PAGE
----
Samsung Galaxy Note 10.1: To buy or not to buy?

If you read just one sentence from my Galaxy Note 10.1 review, let it be this:

Samsung's Galaxy Note 10.1 is an underwhelming tablet with a standout stylus.

That pretty much sums up Sammy's latest creation: The device itself is a dud, but its S Pen stylus is actually quite good.

Samsung Galaxy Note 10.1

So is a stylus -- and the unique types of usage potential it presents -- worth $500? That's the question I raised in my initial impressions of the Galaxy Note 10.1, and after using the tablet extensively for several days, it's the question at the heart of my conclusion.

Here's the cold hard truth: The new Galaxy Note's cheap-feeling build and middling display simply don't scream "DROP 500 DOLLARS ON ME NOW!" Factor in the tablet's already-dated OS -- bloated up and loaded down with Samsung's TouchWiz UI and its accompanying history of unreliable upgrades -- and you aren't exactly looking at what I'd call a must-have device.

Like most things, it's all relative: For the same price as the Note 10.1, you could get a tablet like the Asus Transformer Pad Infinity, which boasts a premium-feeling metallic-spun finish and a high-definition 1920 x 1200 Super IPS display -- not to mention superb performance and a near-stock Android experience with a history of very timely upgrades.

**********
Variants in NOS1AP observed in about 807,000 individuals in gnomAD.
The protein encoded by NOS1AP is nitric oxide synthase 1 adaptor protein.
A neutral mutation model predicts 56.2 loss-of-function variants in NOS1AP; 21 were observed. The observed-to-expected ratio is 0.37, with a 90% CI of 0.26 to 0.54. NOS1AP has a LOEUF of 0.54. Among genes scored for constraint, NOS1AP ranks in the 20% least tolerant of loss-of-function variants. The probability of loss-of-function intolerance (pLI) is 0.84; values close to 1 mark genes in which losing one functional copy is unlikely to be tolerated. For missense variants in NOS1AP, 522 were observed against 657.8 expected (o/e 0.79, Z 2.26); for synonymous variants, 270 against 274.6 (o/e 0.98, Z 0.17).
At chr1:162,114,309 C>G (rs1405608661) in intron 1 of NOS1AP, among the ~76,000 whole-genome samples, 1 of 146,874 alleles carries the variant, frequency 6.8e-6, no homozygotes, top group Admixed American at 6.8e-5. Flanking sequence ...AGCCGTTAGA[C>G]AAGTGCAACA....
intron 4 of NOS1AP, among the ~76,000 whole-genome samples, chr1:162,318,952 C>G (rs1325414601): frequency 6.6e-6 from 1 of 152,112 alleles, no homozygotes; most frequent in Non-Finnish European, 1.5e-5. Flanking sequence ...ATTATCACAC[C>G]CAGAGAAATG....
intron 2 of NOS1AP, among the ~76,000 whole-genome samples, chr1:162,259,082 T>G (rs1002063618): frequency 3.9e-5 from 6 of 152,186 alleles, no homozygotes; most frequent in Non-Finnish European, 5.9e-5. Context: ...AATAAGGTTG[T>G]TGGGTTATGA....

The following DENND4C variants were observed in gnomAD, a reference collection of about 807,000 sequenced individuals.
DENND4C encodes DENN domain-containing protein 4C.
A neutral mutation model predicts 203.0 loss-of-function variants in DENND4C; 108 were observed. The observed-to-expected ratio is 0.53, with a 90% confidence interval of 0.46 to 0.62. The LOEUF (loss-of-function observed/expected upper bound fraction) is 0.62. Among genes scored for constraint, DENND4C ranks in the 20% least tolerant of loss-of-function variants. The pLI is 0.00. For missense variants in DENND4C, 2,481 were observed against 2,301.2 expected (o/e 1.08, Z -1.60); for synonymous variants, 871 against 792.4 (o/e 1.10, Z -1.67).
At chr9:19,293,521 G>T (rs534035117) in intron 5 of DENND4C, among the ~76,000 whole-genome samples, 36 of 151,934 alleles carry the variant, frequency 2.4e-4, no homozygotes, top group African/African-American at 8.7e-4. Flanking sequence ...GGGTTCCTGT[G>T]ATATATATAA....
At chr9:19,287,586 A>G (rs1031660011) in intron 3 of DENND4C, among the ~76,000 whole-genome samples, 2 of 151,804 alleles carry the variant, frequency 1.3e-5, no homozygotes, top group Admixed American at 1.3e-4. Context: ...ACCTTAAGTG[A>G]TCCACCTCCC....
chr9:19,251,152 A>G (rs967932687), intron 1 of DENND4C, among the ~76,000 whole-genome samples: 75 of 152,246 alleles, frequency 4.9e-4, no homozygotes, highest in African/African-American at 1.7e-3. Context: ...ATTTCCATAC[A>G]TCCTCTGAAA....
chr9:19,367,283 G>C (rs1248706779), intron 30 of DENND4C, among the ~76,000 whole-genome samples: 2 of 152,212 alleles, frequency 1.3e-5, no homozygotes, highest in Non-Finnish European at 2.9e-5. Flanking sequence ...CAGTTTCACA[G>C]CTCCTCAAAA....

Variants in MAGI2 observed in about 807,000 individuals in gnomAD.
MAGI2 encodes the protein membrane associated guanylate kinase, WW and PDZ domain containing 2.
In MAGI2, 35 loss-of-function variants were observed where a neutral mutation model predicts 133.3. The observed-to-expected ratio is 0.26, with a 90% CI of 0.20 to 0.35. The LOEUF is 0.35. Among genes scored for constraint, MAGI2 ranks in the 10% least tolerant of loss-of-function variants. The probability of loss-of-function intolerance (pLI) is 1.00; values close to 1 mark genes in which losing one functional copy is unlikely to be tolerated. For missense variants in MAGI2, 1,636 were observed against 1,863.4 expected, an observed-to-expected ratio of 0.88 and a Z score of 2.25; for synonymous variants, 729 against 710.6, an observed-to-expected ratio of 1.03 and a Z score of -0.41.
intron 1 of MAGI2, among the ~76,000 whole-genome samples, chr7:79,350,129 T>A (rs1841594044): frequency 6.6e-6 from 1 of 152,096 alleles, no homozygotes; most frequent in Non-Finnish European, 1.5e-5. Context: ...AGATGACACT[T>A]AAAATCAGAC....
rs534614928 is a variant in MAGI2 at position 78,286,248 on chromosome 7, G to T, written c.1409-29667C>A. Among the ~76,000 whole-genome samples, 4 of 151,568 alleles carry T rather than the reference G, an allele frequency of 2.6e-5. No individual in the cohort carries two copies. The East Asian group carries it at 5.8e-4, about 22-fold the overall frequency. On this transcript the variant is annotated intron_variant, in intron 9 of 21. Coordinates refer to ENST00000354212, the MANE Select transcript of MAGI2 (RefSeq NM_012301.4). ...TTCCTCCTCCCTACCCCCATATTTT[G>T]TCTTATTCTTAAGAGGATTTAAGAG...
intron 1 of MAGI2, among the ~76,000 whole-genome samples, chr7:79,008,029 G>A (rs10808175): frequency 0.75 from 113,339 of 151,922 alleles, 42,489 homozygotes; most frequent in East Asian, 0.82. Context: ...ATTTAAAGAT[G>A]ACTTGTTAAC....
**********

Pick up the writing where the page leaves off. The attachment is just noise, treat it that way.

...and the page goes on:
Or for $200, you could get one of Google's own Nexus 7 tablets; it's a smaller device with a few less bells and whistles, but with its spectacular performance and untouched Android 4.1 software -- along with the accompanying guarantee of immediate future OS upgrades directly from Google -- it's easily one of the best tablet experiences available today.

Asus Transformer Pad, Nexus 7 Tablets

Next to tablets like those, the Galaxy Note 10.1 looks rather lackluster, to say the least. So it all comes down to that stylus. It's the one thing the Note has that other devices don't.

Me? Nine times out of 10, I'd recommend someone look at a tablet like the Nexus 7 or Transformer Pad over the new Note. For the vast majority of people, I think those devices are going to provide better overall experiences and value. But there are a few exceptions.

Join me on my in-depth Galaxy Note journey, and by the time we're done, I suspect you'll know the right answer for you.

My full review starts here:

Samsung Galaxy Note 10.1 review: Testing the stylus-toting tablet

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